2013... A Bumper Year for UK Fruit Trees

The local Bumble Bees were busy in our garden in May around the beautiful Apple and Cherry Blossom on the Conference Pear Tree and Sunburst Cherry Tree in my garden.

UK Conference Pear Tree One Conference Pear growing whilst others are playing catch up!

It was such a welcome sight after what seemed like the longest Winter in memory to see our trees burst back into life.

The fruit trees in our garden are the same trees that we sell online as gifts, they are all self pollinating which means that they have been grafted to create a perfect garden sized tree that will produce an abundance of fruit ready to eat from the tree or cook in the kitchen. The blossoms on each tree soon drop off after a week or two and then the fruit starts to appear, first as a tiny stalk and slowly growing to take the shape of tiny Cherries, Pears and Apples.

The UK had an absolutely miserable Summer in 2012 and our fruit trees didn't have a good time with constant dull skys and rain helping to make the fruit harvest very poor. The silver lining of last years bad weather is that our Fruit Trees have extra fervour in 2013 and are producing bountiful crops of fruit - much better UK fruit crops for many years. I have come up with a few quick pointers for you to follow on how to make sure you get the most out of your fruit tree this year.

Just received a fruit tree?

Be really careful if you are transplanting your containerised tree into a larger pot or out into the garden during the Summer months because the active roots could get damaged through too much air exposure or lack of water. I recommend planting in the evening and water the soil around the hole of where the tree will be planted before it goes there and again water the soil after you have planted the tree. Make sure that you keep the graft on the tree 2-3 inches above the soil level (the knobbly bit at the base of the tree trunk).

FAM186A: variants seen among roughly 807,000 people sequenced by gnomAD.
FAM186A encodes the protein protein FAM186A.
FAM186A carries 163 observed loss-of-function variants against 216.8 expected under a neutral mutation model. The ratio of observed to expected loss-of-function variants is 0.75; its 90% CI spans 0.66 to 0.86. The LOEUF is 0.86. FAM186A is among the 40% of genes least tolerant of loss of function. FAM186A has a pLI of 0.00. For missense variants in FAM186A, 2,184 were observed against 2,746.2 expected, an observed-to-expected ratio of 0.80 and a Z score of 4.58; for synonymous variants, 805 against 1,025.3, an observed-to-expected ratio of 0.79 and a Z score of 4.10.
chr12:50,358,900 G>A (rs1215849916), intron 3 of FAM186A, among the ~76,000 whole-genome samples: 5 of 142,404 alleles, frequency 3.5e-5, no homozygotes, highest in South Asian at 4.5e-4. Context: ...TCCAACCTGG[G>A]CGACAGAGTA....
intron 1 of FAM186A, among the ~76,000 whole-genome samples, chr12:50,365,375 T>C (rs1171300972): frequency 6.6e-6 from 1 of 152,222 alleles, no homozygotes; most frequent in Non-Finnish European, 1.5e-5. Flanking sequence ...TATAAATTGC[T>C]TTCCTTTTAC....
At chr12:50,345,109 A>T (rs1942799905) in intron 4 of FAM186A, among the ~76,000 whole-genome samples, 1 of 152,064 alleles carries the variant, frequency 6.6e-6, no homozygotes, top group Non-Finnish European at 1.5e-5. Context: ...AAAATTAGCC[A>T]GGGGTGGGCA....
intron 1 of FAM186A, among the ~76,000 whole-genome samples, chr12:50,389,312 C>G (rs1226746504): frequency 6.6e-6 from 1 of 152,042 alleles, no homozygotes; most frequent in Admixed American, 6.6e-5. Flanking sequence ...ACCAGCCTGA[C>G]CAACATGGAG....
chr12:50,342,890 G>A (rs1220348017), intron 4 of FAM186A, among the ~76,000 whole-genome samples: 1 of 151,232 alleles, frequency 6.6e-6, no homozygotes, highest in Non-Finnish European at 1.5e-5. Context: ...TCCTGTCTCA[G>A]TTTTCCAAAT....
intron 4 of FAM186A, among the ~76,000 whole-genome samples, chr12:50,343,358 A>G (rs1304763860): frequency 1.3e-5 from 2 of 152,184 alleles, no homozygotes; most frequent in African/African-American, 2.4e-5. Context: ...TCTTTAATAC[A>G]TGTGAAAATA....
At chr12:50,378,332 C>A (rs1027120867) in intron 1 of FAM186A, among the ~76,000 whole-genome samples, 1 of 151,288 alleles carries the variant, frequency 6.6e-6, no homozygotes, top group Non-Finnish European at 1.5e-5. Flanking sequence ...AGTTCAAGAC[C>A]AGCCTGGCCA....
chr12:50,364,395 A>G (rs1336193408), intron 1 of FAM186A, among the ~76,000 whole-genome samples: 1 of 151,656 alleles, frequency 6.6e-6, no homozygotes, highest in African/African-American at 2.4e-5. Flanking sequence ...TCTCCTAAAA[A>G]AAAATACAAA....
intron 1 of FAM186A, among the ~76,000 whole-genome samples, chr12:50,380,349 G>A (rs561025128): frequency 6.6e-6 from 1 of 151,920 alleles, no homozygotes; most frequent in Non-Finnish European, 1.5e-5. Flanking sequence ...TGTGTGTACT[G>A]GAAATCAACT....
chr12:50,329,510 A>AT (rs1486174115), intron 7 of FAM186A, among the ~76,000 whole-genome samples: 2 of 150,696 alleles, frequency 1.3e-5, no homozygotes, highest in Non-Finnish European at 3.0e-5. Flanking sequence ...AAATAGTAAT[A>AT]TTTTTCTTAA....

Grow your own Cherries Plump cherries slowly ripening.

Keep watering the trees roots every morning after planting. Remember that fruit trees always produce more fruit in the second year after planting once they have settled into their new home in your garden, so dont worry too much if your crop is lighter in the first year.


Protect your fruit crop from squirrels and garden birds!

Avoid venting your anger at your local wildlife by investing in a fruit cage or some cheaper fruit netting to protect your precious crop from cheeky garden birds. Black Birds, Blue Tits and Grey Squirrels are particularly fond of the fruit in my garden which has been a major problem for us in past years.

Conference Pear Tree A great crop of Conference Pears this year

Horsey poo

If you happen to have a horse or two, make use of their 'byproduct' and mix the manure amongst the soil around your fruit tree to give it a boost generated from some rather lovely natural ingredients.

Do you have any fruit growing tips?

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